Donation to help Historical Commission build barn

By: Kristyne E. Demske | St. Clair Shores Sentinel | Published September 21, 2016


ST. CLAIR SHORES — In the original location of the Selinsky-Green Farmhouse, before it was moved to 11 Mile Road in St. Clair Shores, there was a barn with the home.

Now standing east of the St. Clair Shores Public Library, the Selinsky-Green Log House was built in Erin Township in 1868 by John and Mary Selinsky and then given to their daughter, Ernestine, when she married John Green in 1874. The home was owned by their descendants until 1974 and moved in 1975 to make way for the construction of Interstate 696. It is now a museum open to the public on Wednesdays and Saturdays and for special events.

While the original barn was not moved with the house, the St. Clair Shores Historical Commission is reviving its dream of having a “historical” barn erected on the property with the Selinsky-Green Farmhouse Museum with help from the Thomas Welsh Foundation.

Theresa Bertolini, a member of the St. Clair Shores Historical Commission and the chairwoman of the barn project, said that they tried raising money for a barn years ago, but “when the economy got bad, it was dropped out of sight.”

“We want to complete the venue,” she said of the Selinsky-Green Farmhouse Museum. “It had a barn in its past location, and we would like to do another one.”

The Historical Commission is in possession of a number of historical barn and farming implements that are currently being stored in the basement of Blossom Heath Inn. If a barn were erected on the museum property, they could use them as teaching tools for children to help them better understand the history of the house.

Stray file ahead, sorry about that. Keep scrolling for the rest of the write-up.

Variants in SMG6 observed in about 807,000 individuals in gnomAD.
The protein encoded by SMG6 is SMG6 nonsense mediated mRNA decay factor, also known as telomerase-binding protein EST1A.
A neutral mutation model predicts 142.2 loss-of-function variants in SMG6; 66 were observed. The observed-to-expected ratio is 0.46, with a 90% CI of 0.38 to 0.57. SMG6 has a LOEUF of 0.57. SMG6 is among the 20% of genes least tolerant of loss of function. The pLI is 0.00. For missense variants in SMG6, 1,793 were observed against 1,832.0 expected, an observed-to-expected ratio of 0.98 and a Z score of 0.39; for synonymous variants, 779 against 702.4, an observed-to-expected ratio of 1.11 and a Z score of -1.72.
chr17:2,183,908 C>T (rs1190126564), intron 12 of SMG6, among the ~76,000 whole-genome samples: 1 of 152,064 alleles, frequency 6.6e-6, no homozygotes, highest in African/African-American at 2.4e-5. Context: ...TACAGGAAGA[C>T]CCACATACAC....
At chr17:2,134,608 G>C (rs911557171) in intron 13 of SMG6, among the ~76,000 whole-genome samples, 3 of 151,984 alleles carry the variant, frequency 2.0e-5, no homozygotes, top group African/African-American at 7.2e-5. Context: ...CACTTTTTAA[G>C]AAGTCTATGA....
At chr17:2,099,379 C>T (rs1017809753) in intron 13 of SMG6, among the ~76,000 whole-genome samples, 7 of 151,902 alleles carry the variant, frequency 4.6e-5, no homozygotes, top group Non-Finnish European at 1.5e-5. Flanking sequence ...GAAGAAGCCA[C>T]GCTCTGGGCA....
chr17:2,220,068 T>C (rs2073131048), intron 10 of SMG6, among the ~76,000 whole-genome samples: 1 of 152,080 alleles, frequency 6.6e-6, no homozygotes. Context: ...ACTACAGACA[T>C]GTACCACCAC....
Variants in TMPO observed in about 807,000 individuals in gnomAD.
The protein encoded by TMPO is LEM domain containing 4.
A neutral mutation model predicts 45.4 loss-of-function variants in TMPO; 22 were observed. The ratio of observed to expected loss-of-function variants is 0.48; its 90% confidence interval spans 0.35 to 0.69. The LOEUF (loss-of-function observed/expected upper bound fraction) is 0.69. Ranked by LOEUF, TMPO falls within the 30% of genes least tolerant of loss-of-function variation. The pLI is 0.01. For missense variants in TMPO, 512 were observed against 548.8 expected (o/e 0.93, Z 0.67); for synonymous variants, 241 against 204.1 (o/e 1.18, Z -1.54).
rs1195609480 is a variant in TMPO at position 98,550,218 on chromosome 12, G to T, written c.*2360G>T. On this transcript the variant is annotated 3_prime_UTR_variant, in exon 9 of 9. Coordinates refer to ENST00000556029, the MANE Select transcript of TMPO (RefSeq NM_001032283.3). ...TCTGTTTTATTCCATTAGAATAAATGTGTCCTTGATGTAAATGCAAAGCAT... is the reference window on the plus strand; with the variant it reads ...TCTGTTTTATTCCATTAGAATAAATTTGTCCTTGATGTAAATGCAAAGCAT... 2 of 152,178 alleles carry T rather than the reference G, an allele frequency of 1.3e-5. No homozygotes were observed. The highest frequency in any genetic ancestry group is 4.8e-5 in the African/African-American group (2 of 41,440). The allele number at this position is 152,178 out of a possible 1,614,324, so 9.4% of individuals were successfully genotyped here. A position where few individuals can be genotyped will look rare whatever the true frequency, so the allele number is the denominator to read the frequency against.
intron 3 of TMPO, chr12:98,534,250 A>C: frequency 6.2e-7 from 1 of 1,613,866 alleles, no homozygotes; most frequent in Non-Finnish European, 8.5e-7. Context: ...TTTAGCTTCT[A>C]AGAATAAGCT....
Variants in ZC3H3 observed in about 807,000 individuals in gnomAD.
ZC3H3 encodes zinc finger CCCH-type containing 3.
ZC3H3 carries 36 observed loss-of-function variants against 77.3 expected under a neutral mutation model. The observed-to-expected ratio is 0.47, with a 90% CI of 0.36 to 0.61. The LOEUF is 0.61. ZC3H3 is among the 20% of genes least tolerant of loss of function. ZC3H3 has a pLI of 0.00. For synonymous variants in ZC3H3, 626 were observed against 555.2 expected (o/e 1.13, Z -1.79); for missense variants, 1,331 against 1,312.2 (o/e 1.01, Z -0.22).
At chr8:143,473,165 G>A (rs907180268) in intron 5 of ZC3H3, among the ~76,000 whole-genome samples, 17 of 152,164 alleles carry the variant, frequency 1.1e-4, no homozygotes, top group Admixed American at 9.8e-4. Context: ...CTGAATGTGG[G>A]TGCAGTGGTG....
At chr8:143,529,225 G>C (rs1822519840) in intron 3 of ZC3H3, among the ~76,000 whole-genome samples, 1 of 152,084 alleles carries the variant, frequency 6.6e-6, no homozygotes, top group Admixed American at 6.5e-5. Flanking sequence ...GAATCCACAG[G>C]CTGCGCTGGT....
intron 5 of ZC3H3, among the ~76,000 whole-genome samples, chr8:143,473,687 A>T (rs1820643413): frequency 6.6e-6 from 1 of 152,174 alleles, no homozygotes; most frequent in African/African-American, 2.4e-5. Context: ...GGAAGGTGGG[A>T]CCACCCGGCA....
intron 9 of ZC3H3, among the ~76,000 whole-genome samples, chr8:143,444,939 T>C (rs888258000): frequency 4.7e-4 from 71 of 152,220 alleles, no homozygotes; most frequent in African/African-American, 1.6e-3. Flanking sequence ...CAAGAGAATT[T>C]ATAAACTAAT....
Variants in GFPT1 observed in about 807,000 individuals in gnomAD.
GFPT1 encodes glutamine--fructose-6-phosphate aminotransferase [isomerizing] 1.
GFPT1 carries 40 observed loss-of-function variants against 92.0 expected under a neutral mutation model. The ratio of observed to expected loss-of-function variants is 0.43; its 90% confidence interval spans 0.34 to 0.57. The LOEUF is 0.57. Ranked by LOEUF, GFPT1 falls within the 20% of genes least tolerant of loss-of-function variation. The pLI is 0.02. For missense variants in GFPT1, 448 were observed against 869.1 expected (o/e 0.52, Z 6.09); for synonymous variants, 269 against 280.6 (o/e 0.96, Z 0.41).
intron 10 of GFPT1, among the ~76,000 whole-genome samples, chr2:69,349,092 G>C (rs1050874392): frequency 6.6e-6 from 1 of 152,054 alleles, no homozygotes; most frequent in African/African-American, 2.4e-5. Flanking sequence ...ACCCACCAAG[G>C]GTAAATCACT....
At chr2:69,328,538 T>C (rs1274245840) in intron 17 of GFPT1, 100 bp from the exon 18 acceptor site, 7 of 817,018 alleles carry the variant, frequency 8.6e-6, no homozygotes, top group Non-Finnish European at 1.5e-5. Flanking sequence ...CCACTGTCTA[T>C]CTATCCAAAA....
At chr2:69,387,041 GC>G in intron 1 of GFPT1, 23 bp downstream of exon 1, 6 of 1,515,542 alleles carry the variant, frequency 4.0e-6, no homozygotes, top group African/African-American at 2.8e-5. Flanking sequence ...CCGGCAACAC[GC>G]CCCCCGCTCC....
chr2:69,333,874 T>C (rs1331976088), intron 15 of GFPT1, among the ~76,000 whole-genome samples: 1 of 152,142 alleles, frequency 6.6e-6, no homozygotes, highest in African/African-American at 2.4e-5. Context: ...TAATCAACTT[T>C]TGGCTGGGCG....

The Thomas Welsh Foundation, established in memory of Welsh — St. Clair Shores mayor from 1952 to 1960 — is closing, and Bertolini said one of its last acts will be making a large donation to the barn project. 

“This is just something we’d like to see, and it’s a great plus to the city of St. Clair Shores. The museum draws a lot of visitors,” she said. “We’d have to make sure it doesn’t overpower the house.”

The Welsh Foundation was scheduled to present a check for $10,000 to the project Sept. 20, after press time.

Jeanne Srigley has been on the St. Clair Shores Historical Commission since 1974. She said that at one point, having a barn was discussed to house the collection of farm implements. 

“It just kind of got left by the wayside,” she said. 

But the commission recently revived the idea. Srigley said she had known Welsh since they were children, and her nephew is on the board of the foundation. Together, they brought forward the proposal to both groups for the money to be donated to the project.

The foundation has been active in donating money to students attending Macomb Community College, but Srigley said it always had a closing date, and that is this year.

Various estimates have been given for a barn, from $75,000 to $125,000. With the donation, the commission will have $25,000 raised.

“This is kind of kicking off our fundraising efforts,” Srigley said. “We hope the residents will help us too. We want to get to $75,000, if possible.”

Bertolini said they are accepting donations through the St. Clair Shores Historical Society, which is the fundraising branch of the Historical Commission. Those interested in donating can send a check to the St. Clair Shores Public Library, 22500 11 Mile Road, made out to the St. Clair Shores Historical Society with “barn” in the memo line.

Srigley said they are also exploring grant options to help pay for the work.

“I was on the commission when we moved that house, so I’ve got kind of an inborn interest in it,” she said.